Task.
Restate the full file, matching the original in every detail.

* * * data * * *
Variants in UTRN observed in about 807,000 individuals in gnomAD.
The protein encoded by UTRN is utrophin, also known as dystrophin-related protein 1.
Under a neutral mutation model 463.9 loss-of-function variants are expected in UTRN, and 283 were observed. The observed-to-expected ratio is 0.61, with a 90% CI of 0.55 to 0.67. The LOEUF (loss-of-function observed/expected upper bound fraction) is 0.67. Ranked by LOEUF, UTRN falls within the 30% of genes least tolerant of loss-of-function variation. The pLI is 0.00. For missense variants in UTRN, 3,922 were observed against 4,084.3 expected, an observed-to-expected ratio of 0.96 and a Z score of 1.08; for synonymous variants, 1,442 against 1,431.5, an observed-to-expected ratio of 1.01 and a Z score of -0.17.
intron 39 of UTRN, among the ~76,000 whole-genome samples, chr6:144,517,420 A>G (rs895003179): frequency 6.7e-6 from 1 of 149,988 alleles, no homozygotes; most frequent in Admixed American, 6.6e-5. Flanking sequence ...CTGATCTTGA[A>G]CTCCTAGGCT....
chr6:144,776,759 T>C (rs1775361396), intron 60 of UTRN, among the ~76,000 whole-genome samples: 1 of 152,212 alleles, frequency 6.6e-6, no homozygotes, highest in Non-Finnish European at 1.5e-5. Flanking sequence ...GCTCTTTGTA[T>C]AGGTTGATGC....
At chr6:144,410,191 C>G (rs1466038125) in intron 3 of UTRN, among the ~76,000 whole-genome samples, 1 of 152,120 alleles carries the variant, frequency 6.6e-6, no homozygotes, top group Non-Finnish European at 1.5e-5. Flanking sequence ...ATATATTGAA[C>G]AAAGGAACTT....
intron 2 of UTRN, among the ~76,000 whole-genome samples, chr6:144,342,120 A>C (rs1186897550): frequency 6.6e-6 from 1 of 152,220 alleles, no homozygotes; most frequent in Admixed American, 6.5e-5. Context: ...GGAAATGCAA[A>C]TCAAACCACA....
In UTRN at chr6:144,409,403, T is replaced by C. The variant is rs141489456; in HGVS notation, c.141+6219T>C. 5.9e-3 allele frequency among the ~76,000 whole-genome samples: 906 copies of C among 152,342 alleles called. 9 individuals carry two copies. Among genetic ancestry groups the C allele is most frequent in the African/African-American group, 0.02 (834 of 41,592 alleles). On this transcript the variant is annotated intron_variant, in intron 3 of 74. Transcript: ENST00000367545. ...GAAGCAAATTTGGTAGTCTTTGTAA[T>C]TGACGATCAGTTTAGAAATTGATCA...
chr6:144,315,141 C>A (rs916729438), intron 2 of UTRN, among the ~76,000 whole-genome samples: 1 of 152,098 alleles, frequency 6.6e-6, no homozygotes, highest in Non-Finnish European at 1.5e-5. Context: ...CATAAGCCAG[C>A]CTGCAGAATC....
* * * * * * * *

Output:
Variants in UTRN observed in about 807,000 individuals in gnomAD.
The protein encoded by UTRN is utrophin, also known as dystrophin-related protein 1.
Under a neutral mutation model 463.9 loss-of-function variants are expected in UTRN, and 283 were observed. The observed-to-expected ratio is 0.61, with a 90% CI of 0.55 to 0.67. The LOEUF (loss-of-function observed/expected upper bound fraction) is 0.67. Ranked by LOEUF, UTRN falls within the 30% of genes least tolerant of loss-of-function variation. The pLI is 0.00. For missense variants in UTRN, 3,922 were observed against 4,084.3 expected, an observed-to-expected ratio of 0.96 and a Z score of 1.08; for synonymous variants, 1,442 against 1,431.5, an observed-to-expected ratio of 1.01 and a Z score of -0.17.
intron 39 of UTRN, among the ~76,000 whole-genome samples, chr6:144,517,420 A>G (rs895003179): frequency 6.7e-6 from 1 of 149,988 alleles, no homozygotes; most frequent in Admixed American, 6.6e-5. Flanking sequence ...CTGATCTTGA[A>G]CTCCTAGGCT....
chr6:144,776,759 T>C (rs1775361396), intron 60 of UTRN, among the ~76,000 whole-genome samples: 1 of 152,212 alleles, frequency 6.6e-6, no homozygotes, highest in Non-Finnish European at 1.5e-5. Flanking sequence ...GCTCTTTGTA[T>C]AGGTTGATGC....
At chr6:144,410,191 C>G (rs1466038125) in intron 3 of UTRN, among the ~76,000 whole-genome samples, 1 of 152,120 alleles carries the variant, frequency 6.6e-6, no homozygotes, top group Non-Finnish European at 1.5e-5. Flanking sequence ...ATATATTGAA[C>G]AAAGGAACTT....
intron 2 of UTRN, among the ~76,000 whole-genome samples, chr6:144,342,120 A>C (rs1186897550): frequency 6.6e-6 from 1 of 152,220 alleles, no homozygotes; most frequent in Admixed American, 6.5e-5. Context: ...GGAAATGCAA[A>C]TCAAACCACA....
In UTRN at chr6:144,409,403, T is replaced by C. The variant is rs141489456; in HGVS notation, c.141+6219T>C. 5.9e-3 allele frequency among the ~76,000 whole-genome samples: 906 copies of C among 152,342 alleles called. 9 individuals carry two copies. Among genetic ancestry groups the C allele is most frequent in the African/African-American group, 0.02 (834 of 41,592 alleles). On this transcript the variant is annotated intron_variant, in intron 3 of 74. Transcript: ENST00000367545. ...GAAGCAAATTTGGTAGTCTTTGTAA[T>C]TGACGATCAGTTTAGAAATTGATCA...
chr6:144,315,141 C>A (rs916729438), intron 2 of UTRN, among the ~76,000 whole-genome samples: 1 of 152,098 alleles, frequency 6.6e-6, no homozygotes, highest in Non-Finnish European at 1.5e-5. Context: ...CATAAGCCAG[C>A]CTGCAGAATC....